I'm Laura. I am female, 31, a gamer, a bookworm, a knitter, a spinner, a tatter, pierced, tattooed, musical, vehemently geeky and occasionally ineptly artistic.


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The funny thing

Posted at 18 Jul 2010 01:36:02 PM

The funny thing about spinning is that it seems to make me a better knitter (or crocheter, as the case may be, but it often isn't).

To wit: When I first re-started knitting, I scorned the idea of swatching. "Hah!" I said. "Swatching takes too much time. It can't turn out too badly!"

Then, I learned about garment fitting, gauge, math and How To Make Your Knitting Exactly What You Want. See also: baggy socks. And then I was almost afraid to not swatch ...but I still didn't wash the swatch.

And then I started spinning. With that came (rudimentary) knowledge of singles twist, plying twist, active twist, relaxed twist, what happens when you weight your yarn after washing versus not weighing it, and all the odd things that can happen to a perfectly nice-looking skein of yarn once it hits good old H20. Armed with better information than multiple forum posts of the "because I said so" type, I'm now afraid to not wash the swatch!

And you know, it's interesting to pick up knowledge this way: in stripes, or layers. Drawing purely from my own experience, when you only knit, you think "yay, yarn!" and you'll probably recognize that there's a difference between wool and not-wool. But unless you're very observant and your yarn purveyors label their wares extremely well, you might not see a difference between the different breeds of sheep/goat/camelids/etc, different plying methods and different amounts of twist. With that comes the realization that the yarn you're holding, even though it's clearly a three-ply fingering weight with 60 stitch color repeats, it is going to be make lousy socks that wear thorough at the heels in a matter of weeks.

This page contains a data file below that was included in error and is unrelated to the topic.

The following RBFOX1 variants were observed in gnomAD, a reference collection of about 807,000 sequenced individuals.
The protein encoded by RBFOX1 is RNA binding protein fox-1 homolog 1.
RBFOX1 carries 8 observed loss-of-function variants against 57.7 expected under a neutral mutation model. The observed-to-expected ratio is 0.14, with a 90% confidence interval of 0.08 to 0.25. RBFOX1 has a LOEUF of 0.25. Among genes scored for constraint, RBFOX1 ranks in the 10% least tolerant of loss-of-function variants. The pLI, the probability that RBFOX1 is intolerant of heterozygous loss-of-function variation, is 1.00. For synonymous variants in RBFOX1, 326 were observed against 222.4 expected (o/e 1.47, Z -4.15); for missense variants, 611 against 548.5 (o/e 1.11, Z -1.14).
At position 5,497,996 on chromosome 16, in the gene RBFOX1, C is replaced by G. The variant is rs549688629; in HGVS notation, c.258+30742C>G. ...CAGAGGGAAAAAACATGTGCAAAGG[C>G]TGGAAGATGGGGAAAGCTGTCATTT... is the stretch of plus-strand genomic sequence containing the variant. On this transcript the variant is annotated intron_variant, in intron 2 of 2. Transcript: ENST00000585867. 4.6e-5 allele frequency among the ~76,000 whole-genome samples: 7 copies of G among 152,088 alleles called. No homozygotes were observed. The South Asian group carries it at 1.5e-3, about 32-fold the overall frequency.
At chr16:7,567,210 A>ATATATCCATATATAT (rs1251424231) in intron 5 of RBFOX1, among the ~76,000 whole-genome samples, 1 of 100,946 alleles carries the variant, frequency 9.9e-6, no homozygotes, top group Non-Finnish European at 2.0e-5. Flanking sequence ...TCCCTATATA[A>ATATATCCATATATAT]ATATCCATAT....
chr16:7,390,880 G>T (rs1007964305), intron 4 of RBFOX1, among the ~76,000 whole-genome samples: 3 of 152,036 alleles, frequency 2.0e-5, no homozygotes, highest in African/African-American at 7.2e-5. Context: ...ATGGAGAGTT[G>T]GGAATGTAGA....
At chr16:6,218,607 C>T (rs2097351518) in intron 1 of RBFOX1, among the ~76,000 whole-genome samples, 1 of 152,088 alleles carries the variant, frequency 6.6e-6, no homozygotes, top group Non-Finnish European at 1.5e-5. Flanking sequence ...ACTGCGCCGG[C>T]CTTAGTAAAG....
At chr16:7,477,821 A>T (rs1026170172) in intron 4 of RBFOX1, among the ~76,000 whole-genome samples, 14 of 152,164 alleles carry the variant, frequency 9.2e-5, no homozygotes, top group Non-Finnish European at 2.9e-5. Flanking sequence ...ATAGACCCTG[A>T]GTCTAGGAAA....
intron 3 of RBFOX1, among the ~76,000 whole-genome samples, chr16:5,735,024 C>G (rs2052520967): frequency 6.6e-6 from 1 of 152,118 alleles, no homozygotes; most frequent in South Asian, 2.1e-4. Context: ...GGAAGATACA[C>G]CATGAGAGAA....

Even though I'm very very new to this whole spinning thing, it now seems not at all implausible to have entire conversations about staple length, breeding conditions, shearing methods and how-was-it-prepped? Heavens only know what will happen to me once I discover spinning from locks, prepping my own fiber and whole entire fleeces. See also: spinning wheel.

All of this is also a very slippery slope toward sheep herding, but let's not mention that for the time being.

(D, don't fret. The shepherding thing (while picturesque) is is very unlikely, given that one of the things I like best about all this activity is that I don't have to go outside where it's hot. I sort of doubt that sheep would enjoy existing in the living room...)

On 15 Jul 2010 11:02:36 AM, Ali said...

{insert wicked cackle here}

I've had those conversations about staple length and breed and whether the sheep wore a coat to keep the vegetable matter out, and how the fibre reacts when you spin off the fold or from the end... You're well down the rabbit hole now Alice.

Spinning from locks you prepped is a whole other level of "ooh, look what I made!" I have only one swatch from hand-prepped Polwarth, but I love it to bits. I did carry it around in my knitting bag for a while. It's a radically different feel to the Wensleydale swatch, or the Gotland hat, or the Jacob hat, or the alpaca skein. I almost want to examine the different fibres under a microscope.

Down fibres (camel, yak, quiviut) are a learning experience, and not just in new and inventive curses.